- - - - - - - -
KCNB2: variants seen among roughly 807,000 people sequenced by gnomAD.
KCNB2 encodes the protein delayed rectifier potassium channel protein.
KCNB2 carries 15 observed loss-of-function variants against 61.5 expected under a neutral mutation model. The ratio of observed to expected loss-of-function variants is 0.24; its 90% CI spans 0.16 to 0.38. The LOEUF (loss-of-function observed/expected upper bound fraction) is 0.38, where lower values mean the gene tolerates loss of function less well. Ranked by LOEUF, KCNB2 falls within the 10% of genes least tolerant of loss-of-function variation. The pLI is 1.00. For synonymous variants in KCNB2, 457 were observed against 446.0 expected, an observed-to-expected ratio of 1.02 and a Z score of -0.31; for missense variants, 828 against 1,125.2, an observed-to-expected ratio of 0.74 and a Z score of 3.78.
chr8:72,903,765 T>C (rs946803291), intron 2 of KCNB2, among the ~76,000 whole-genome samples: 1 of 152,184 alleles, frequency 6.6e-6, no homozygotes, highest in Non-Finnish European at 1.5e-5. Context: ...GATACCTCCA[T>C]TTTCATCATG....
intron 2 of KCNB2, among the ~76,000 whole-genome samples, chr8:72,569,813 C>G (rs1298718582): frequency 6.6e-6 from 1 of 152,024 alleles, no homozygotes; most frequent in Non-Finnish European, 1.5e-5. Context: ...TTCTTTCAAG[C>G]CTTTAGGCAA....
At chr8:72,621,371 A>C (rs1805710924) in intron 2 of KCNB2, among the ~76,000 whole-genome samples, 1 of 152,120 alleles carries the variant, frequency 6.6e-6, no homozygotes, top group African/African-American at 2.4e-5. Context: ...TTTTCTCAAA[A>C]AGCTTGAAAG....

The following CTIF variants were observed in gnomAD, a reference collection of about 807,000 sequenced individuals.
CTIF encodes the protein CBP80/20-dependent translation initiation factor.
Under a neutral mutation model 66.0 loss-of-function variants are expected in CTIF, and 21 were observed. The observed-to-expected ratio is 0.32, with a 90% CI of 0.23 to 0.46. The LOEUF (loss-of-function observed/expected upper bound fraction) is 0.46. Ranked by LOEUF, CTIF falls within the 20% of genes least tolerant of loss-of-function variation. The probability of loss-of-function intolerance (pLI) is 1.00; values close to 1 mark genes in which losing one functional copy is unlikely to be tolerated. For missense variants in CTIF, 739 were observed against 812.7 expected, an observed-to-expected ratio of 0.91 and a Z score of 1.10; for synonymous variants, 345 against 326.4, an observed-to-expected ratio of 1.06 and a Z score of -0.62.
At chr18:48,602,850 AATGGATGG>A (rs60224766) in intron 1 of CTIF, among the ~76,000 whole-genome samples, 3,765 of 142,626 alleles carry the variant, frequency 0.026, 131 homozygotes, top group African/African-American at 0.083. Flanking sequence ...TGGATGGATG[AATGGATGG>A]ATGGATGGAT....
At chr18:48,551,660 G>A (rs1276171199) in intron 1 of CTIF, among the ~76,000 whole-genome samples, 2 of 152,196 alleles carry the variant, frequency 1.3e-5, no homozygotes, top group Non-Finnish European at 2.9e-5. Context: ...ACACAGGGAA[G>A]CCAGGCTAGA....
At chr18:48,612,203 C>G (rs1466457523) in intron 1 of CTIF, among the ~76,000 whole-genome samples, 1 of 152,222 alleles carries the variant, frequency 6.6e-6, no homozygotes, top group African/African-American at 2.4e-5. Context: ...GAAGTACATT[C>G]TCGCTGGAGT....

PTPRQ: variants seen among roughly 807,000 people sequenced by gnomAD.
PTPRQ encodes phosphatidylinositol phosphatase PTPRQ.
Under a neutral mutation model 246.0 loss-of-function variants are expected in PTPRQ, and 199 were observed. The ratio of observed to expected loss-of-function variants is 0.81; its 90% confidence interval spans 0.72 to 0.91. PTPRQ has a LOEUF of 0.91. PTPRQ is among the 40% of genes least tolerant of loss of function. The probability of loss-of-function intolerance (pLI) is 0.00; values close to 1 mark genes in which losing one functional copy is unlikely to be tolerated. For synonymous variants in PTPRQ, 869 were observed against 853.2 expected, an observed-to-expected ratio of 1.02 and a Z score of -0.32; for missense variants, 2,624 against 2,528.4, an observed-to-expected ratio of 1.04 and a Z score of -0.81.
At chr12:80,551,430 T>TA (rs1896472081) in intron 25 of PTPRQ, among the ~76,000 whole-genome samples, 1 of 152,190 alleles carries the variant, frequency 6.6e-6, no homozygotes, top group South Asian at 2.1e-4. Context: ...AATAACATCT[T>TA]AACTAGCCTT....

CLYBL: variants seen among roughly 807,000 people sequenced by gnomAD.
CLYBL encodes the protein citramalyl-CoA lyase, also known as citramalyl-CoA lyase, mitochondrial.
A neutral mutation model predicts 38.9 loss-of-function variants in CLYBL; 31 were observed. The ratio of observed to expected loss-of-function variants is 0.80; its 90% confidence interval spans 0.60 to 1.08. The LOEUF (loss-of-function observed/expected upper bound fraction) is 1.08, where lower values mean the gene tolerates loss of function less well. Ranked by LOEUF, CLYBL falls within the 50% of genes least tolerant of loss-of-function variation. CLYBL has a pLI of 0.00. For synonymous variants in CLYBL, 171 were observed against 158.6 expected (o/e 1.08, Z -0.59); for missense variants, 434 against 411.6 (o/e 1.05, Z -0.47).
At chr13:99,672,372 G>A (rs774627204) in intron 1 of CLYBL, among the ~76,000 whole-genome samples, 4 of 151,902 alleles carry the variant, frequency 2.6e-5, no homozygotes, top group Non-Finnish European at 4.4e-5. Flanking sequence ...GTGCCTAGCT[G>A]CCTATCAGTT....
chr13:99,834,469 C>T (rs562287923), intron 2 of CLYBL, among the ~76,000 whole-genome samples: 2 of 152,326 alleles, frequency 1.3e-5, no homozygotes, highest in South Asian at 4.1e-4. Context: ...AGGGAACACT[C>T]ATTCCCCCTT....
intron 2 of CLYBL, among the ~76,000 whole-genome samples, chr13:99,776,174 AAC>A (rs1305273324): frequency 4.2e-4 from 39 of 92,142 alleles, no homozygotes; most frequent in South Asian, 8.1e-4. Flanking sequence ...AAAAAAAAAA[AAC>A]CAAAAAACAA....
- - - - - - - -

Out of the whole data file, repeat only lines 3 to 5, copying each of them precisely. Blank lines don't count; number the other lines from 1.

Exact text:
KCNB2 carries 15 observed loss-of-function variants against 61.5 expected under a neutral mutation model. The ratio of observed to expected loss-of-function variants is 0.24; its 90% CI spans 0.16 to 0.38. The LOEUF (loss-of-function observed/expected upper bound fraction) is 0.38, where lower values mean the gene tolerates loss of function less well. Ranked by LOEUF, KCNB2 falls within the 10% of genes least tolerant of loss-of-function variation. The pLI is 1.00. For synonymous variants in KCNB2, 457 were observed against 446.0 expected, an observed-to-expected ratio of 1.02 and a Z score of -0.31; for missense variants, 828 against 1,125.2, an observed-to-expected ratio of 0.74 and a Z score of 3.78.
chr8:72,903,765 T>C (rs946803291), intron 2 of KCNB2, among the ~76,000 whole-genome samples: 1 of 152,184 alleles, frequency 6.6e-6, no homozygotes, highest in Non-Finnish European at 1.5e-5. Context: ...GATACCTCCA[T>C]TTTCATCATG....
intron 2 of KCNB2, among the ~76,000 whole-genome samples, chr8:72,569,813 C>G (rs1298718582): frequency 6.6e-6 from 1 of 152,024 alleles, no homozygotes; most frequent in Non-Finnish European, 1.5e-5. Context: ...TTCTTTCAAG[C>G]CTTTAGGCAA....